Even at events such as SIHH or Baselworld, where an interest in watches is par for the course, they’re easy to spot. Retailer or collector, the ultimate cognoscenti, they devote themselves to a handful of brands. Pressed on the subject, they will confess to desiring one watch above all others. The one that encapsulates their wildest dreams. Secretly, they harbour the desire not just to own it but to make it unique; to break with convention but never ethics. It’s by frequenting many such individuals that Emmanuel Curti, an acclaimed watchmaker and founder of Les Gardiens du Temps in Satigny, near Geneva, came up with the idea of taking Fine Watch customisation as far as possible. “It all started when a customer commissioned us to retrofit a tourbillon in a steel Rolex Milgauss,” he says. In other words, a complication that just doesn’t exist at Rolex. Jaws dropped among the community of watch fans, who quickly rallied to the idea.
Customisation for all
The movement under scrutiny is a Rolex 3131, a reference among calibres. Label Noir removed 51 components, modified two and added 94. Frequency went from 28,000 vibrations/hour to 21,600 vph (4 Hz to 3 Hz). The flying tourbillon, which is mounted on a ball bearing, makes one rotation per minute. The thickness of the case is unchanged, as are the dial and hands. The customer asked that the case be blackened, hence the name of the company: Label Noir (Black Label), set up in 2011 and incorporated last year.
Since going public with the Rolex tourbillon a few months ago, four similar orders have landed on Emmanuel Curti’s desk, hinting that the concept is destined for success. And why wouldn’t it be. The possibilities are vast, after all, provided they are carried out in a rigorous and highly professional way. Which they are. Label Noir refuses any request that comes down to copying an existing watch or doesn’t comply with a strict code of conduct. Apart from that, the company puts no limits on customers’ imagination. Its teams have the requisite expertise to “operate on” any watch. The service they provide is intended to complement that of the major brands which, as well as the obvious limited editions, also offer a personalisation service. This, however, is reserved for an elite whereas Label Noir adapts the degree of customisation to the amount the customer wishes to spend. The context is ripe, too, with a growing tendency towards creative exploration within the luxury sector, and a demographic – millennials – that have no qualms about paying for exclusivity. Label Noir is probably the only atelier to date whose customisation service goes beyond the watch’s exterior to also include its “engine”. It’s the stuff of dreams, and the reason the company has customers coming to it from all over the world.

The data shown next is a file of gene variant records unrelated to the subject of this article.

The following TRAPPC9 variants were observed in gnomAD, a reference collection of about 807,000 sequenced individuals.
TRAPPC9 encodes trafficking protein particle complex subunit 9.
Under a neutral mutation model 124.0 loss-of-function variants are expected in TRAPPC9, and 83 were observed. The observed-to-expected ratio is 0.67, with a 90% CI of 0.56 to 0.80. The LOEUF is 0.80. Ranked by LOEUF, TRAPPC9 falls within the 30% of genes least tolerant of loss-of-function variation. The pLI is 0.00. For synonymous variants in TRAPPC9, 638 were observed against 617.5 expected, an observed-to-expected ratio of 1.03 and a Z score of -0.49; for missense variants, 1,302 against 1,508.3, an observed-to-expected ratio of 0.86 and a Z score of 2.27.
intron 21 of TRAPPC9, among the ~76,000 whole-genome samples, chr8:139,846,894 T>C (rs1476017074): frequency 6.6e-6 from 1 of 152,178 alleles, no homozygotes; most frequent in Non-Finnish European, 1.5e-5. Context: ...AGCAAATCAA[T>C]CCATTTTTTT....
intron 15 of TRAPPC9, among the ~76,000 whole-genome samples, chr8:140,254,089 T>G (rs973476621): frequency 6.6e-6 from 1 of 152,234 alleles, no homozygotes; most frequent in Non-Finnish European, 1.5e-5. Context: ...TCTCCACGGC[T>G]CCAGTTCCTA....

The ideal commission
Emmanuel Curti says the ideal commission is one that will carry the customer’s name. He reminds us that the first prestigious watches were made to order, more often than not for crowned heads. As such, certain models have gone down in history by their owner’s name. Think of the Marie-Antoinette or the Queen of Naples which Breguet made for Caroline Murat. Think of the Henry Graves Jr. and the James W. Packard, two ultra-complicated pocket watches by Patek Philippe. Closer to home, a certain Rolex Daytona is referred to as the Paul Newman, and even became the most expensive watch in the world when it sold at auction last year for over €15 million. In fact it should come as no surprise that Rolex is, by a long chalk, the brand that brings the most customers to Label Noir’s door.
The company can count on a team of partners when meeting these individual requests. “There are some 60 watchmakers working at sister companies on our behalf,” explains sales and marketing director Christel Bourget. Options include exclusive treatments, such as a 3D laser-performed texturing operation to replicate the visible surface of the Moon, copied from a NASA photograph, on an Audemars Piguet watch that was shown alongside SIHH. It should be noted that Label Noir’s warranty replaces the original brand warranty.
The firm can expect to garner more attention as one of the names carried by a stylish concept store that was recently opened on Rue du Mont-Blanc in Geneva by former managers of the Colette concept store in Paris. Here, you can shop to your heart’s content, particularly if you’re a man with a well-furnished wallet. Meanwhile, in addition to a growing Instagram presence, Label Noir is working on extending its scope and has its sights set on the women’s market.